LinuxRegistry in Freedesktop & KDE

Sean Middleditch elanthis at
Fri Apr 16 20:59:47 EEST 2004

On Fri, 2004-04-16 at 13:46, Duncan Mac-Vicar Prett wrote:
> El Friday 16 April 2004 10:33, Sean Middleditch escribió:
> > A system with the features of GConf *could* be developed for small
> > systems.  Or maybe just designed to be much less desktop-specific.  A
> > configuration system that is only good for a small number of apps (like
> > Linux Registry) really isn't worth much, tho.  If you want a
> > configuration system to be "standard", it needs to support all
> > applications.
> I never suggested to put LinuxRegistry as-is. You can implement features as 
> change notifications, either in a small daemon, or via some kind of callbacks 
> using fam in the api itself, maintaining the almost no dependencies goodness.
> But th advantage is that apps whose don't need notifications, or whose don't 
> want to use right now, still can access the configuration in a easy and 
> direct way.

And then as soon as the needs changes, boom, everything breaks, because
teh apps are talking to two different layers of an API.  If you want a
standard config system, all apps need to use the same API.  Leave the
"does it have a daemon" in there as a tunable implementation detail if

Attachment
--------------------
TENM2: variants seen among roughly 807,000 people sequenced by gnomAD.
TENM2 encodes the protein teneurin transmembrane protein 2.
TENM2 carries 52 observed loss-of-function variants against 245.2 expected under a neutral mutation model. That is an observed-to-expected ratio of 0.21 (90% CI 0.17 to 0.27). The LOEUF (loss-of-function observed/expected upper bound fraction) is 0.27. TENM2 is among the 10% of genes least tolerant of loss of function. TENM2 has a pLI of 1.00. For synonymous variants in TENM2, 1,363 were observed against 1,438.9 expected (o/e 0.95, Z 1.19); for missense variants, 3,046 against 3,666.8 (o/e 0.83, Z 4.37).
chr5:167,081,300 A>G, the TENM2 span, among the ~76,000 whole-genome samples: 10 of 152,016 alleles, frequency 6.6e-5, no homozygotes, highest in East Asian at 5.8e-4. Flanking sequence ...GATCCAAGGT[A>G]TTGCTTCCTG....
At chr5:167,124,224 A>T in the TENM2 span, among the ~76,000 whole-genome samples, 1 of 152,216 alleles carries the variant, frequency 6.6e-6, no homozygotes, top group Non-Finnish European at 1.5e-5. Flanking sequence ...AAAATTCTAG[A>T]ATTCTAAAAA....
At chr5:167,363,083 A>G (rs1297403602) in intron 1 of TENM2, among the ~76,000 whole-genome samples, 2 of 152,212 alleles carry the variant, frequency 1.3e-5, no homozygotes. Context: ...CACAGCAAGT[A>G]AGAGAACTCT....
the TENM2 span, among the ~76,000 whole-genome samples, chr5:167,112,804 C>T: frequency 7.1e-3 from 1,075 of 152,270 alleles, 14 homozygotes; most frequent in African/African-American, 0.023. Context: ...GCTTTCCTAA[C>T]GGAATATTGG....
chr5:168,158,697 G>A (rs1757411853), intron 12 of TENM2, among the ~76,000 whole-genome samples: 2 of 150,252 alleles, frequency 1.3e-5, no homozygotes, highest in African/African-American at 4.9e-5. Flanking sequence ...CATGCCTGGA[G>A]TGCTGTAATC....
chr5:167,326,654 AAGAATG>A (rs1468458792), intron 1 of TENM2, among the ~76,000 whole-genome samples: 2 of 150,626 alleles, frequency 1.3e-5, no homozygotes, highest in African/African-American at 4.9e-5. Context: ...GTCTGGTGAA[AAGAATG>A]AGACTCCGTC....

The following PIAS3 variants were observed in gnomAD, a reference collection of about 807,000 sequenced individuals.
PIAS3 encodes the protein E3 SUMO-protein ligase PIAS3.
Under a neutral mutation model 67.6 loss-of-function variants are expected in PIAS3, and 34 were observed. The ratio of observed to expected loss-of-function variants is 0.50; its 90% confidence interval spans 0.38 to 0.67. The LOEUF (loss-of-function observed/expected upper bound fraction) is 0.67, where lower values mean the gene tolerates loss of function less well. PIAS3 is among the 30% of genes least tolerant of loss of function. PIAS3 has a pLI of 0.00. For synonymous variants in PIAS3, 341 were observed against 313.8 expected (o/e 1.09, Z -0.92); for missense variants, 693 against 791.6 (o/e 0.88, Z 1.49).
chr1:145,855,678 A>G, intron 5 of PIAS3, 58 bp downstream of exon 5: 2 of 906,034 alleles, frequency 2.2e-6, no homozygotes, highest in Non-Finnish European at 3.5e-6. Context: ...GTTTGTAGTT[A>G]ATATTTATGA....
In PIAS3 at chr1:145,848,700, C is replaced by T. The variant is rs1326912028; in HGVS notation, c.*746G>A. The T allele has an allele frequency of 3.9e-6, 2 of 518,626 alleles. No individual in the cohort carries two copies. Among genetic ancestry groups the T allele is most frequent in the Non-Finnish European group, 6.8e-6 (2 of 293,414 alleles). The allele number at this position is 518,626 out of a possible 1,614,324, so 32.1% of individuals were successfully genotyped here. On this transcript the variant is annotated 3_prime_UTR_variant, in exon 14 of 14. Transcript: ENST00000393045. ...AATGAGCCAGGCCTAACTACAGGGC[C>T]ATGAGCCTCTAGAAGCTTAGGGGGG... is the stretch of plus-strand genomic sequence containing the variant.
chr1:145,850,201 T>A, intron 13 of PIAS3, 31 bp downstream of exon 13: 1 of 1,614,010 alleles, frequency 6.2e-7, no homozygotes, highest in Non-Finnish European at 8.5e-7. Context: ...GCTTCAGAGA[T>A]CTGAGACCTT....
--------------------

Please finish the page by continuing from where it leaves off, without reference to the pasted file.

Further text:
you.  The point is that if you said "these daemons only support the
basic API" then as soon as you need the "heavy" features you need to
recode.  Going the other way around, if all the daemons spoke to an API
that supported change notification, lock down, defaults, etc., then you
can just swap the underlying library out to a liter version for free. 
Change notifications would simply never be delivered, for example, and
so on.

Which then, again, turns Linux Registry into nothing but a file store,
which is useless.  The library/API you coded to should handle its own
file store, because the library is better suited to know what it needs. 
(A database?  LDAP?  whatever.)  One version of said library might use
Linux Registry, but Linux Registry would not be a requirement of the
API, as it would boil down to implementation detail that the application
authors do not in any way want or need to care about.

You've found Linux Registry, a solution, and are trying to find problems
for it to fix (/etc).  You're doing this backwards.  Start looking at
the actual applications (desktop or server) and see what features they
want.  Then design a framework/API to support this.  Then do the
implementation details however you feel like.  (And, personally, if you
do, avoid Linux Registry's implementation, because it's god awful
wasteful of disk space on most file systems and quite inefficient on all
of them.)
Sean Middleditch <elanthis at>
AwesomePlay Productions, Inc.

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